Legal development

CJEU considers credit score an automated individual decision under the GDPR

Insight Hero Image

    On 7 December 2023, the Court of Justice of the European Union ("CJEU") issued two landmark judgments in proceedings against the German Credit Reference Agency SCHUFA (C-26/22 and C-64/22) which limit the retention period for credit reporting agencies, confirm the application of erasure in such credit reporting cases and provide more certainty on the scope judicial review of DPA decisions.

    The CJEU considers the automated assignment of automatically calculated credit scores as automated decision-making (Art. 22 GDPR). The CJEU interprets the term "decision" in Art. 22 para. 1 GDPR broadly. Even the mere establishment of a credit score value represents an automated decision, as the credit score will typically have a significant impact on the subsequent decision of a third party which relies on the credit score, e.g. in case of credit applications. The CJEU sees a gap in legal protection of data subjects in tripartite relationships. In particular because the data subject would not have an efficient right of access in relation to the logic behind the automated decision making: On one hand, the data subject does not have a right of information with respect to the existence of and the logic behind the automated decision making (Art. 15 para. 1 lit. h GDPR) against the credit agency, as the latter does not conduct decision-making. On the other hand, the data subject does not have an effective right to information about the automated decision-making process against the third party making the decision (e.g. the bank) as the latter does not have the relevant information on the decision-making process. The CJEU held that this gap of legal protection and the missing right of access contradict the purpose of Art. 22 GDPR to protect the data subjects against significant effects of automated processing on their privacy rights and freedoms.

    The CJEU has left open whether such automated decision making by Schufa could be justified under current member state law (Art. 22 para. 2 lit. b GDPR, Section 31 Federal Data Protection Act (BDSG)). It is now for the German courts to decide whether Section 31 BDSG provides "suitable measures to safeguard the data subject’s rights and freedoms and legitimate interests" (Art. 22 para. 2 lit. b GDPR).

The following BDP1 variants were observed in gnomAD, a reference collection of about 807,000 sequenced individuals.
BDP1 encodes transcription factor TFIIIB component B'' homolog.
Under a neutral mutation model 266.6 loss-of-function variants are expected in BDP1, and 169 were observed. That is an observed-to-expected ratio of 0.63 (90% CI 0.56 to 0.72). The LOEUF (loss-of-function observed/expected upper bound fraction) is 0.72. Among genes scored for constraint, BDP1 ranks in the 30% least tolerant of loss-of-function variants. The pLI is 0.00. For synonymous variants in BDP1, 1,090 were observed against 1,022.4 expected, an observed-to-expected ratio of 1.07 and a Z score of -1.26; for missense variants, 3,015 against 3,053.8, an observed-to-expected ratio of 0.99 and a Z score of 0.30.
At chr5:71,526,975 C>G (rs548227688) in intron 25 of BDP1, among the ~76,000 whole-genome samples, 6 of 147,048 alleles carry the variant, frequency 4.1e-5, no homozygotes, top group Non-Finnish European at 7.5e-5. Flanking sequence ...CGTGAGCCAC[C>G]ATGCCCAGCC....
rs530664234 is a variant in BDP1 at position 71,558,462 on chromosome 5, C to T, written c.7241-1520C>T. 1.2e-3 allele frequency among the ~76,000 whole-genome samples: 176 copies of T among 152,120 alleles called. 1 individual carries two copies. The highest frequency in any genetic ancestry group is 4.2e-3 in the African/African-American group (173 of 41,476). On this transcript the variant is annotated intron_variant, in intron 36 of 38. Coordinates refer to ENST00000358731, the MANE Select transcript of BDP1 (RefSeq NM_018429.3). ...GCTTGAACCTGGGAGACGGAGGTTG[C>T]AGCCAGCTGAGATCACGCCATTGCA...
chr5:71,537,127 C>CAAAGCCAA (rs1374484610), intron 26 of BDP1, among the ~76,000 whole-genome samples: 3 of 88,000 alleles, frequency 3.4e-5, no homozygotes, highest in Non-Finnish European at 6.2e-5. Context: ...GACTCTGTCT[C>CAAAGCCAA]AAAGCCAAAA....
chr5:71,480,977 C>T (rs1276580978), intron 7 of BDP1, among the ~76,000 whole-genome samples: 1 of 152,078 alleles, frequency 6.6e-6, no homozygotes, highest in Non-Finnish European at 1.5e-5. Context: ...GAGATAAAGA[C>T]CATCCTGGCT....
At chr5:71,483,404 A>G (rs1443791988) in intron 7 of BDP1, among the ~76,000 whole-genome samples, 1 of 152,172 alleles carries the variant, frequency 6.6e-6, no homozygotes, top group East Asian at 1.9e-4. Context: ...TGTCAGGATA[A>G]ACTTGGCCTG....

The CJEU further held that credit reporting agencies must delete data which they had collected from public registers within a certain period after the information is no longer available in the public register. The CJEU sees legitimate interest as the only valid legal basis for data processing by credit reporting agencies (Art. 6 para. 1 lit. f GDPR) and that such legitimate interest cannot justify processing of personal data by Schufa beyond the retention period which applies to public registers. Under German law, public registers may not publish information about insolvency proceedings for longer than six months after the end of the relevant proceedings. The CJEU holds the legitimate interest of private sector actors, like SCHUFA, cannot justify a longer retention period for data obtained from a public register than that which applies to public registers. Beyond that, it is for the national court to decide whether the processing of personal data during this six month timeframe is strictly necessary in order to achieve the legitimate interest pursued. The CJEU also held that Schufa cannot base its processing on its code of conduct which had been approved by the competent data protection authority, given that a code of conduct will not substitute a missing legal basis as already noted on page 3 in the codes of conduct (Codes of Conduct for German Credit reporting agencies).

    In this context, the CJEU restated the data subjects' right to object to any processing based on Article 6 para. 1 lit. e or f under Article 21. It noted that the controller must cease to process the personal data unless the controller can demonstrate compelling legitimate ground to continue processing that overrides the data subjects' interest, in case data subject objects. 

    Finally, the CJEU confirmed that national courts have extensive powers to scrutinize the decisions of data protection authorities.

    The CJEU finally strengthened the data subjects' rights by explicitly rejecting the data protection authority's position that the GDPR grants individuals only a limited right of judicial review in cases where a DPA has handled a complaint, investigated it and confirmed the outcome to the complainant. Rather, the data subject has the right to request a full judicial review of any decision by a DPA.

    Authors: Alexander Duisberg, Partner; David Plischka, Junior Associate.


    Stay ahead with our business insights, updates and podcasts

    Sign-up to select your areas of interest